Typical Jamaican fashion tends to involve a lot of global brands and modern styles, although an emphasis on tropical comfort favors lightweight, non-synthetic fabrics such as cotton, linen and wools. Many Jamaicans enjoy flamboyant and colorful Rastafari-inspired designs in the iconic red, green, black and gold color scheme.
Often, the more Western styles of dress will be associated with a higher social class. Particularly in Kingston, where premium foreign brands are common, traditional clothing is less desirable. In particular, clothing influenced by the iconography of African culture is considered by many Jamaicans to be less refined.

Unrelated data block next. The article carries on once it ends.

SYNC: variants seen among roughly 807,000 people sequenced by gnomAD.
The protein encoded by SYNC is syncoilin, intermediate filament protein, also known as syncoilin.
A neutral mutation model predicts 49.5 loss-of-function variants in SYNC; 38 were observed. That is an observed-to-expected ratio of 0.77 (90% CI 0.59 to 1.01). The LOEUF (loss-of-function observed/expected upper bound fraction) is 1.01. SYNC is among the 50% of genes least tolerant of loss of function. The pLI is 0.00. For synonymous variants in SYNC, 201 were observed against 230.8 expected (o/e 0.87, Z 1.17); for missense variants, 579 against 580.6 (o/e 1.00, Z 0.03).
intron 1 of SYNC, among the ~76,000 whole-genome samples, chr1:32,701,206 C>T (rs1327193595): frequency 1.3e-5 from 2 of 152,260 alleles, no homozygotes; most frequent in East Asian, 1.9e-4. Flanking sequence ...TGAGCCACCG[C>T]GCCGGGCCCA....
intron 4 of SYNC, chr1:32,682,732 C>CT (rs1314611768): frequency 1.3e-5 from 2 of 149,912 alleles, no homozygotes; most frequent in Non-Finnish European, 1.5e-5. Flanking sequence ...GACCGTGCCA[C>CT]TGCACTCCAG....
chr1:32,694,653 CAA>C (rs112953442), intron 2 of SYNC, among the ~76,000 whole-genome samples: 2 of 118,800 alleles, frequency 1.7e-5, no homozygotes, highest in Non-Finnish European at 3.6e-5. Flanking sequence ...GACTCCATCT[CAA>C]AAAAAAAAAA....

Despite this general trend toward modern, global attire, the more traditional styles of dress are still widely encountered in contemporary Jamaica. These draw on 19th century British colonial influences, as well as the culture of the slave trade.
For women, they include colorful calico garments such as multi-tiered dresses and headscarves. For men, traditional dress means natural fibers with less vibrant colors. Then, as now, comfort was key.
The Quadrille is a more ceremonial form of traditional dress. For women, the costume consists of a white crinoline blouse and skirt, layered with a plaid over-skirt in the colors of the Jamaican flag. This is paired with a bandana in the same colors, while men wear a white shirt and black trousers, with a waistcoat and cravat in the colors of the Jamaican flag.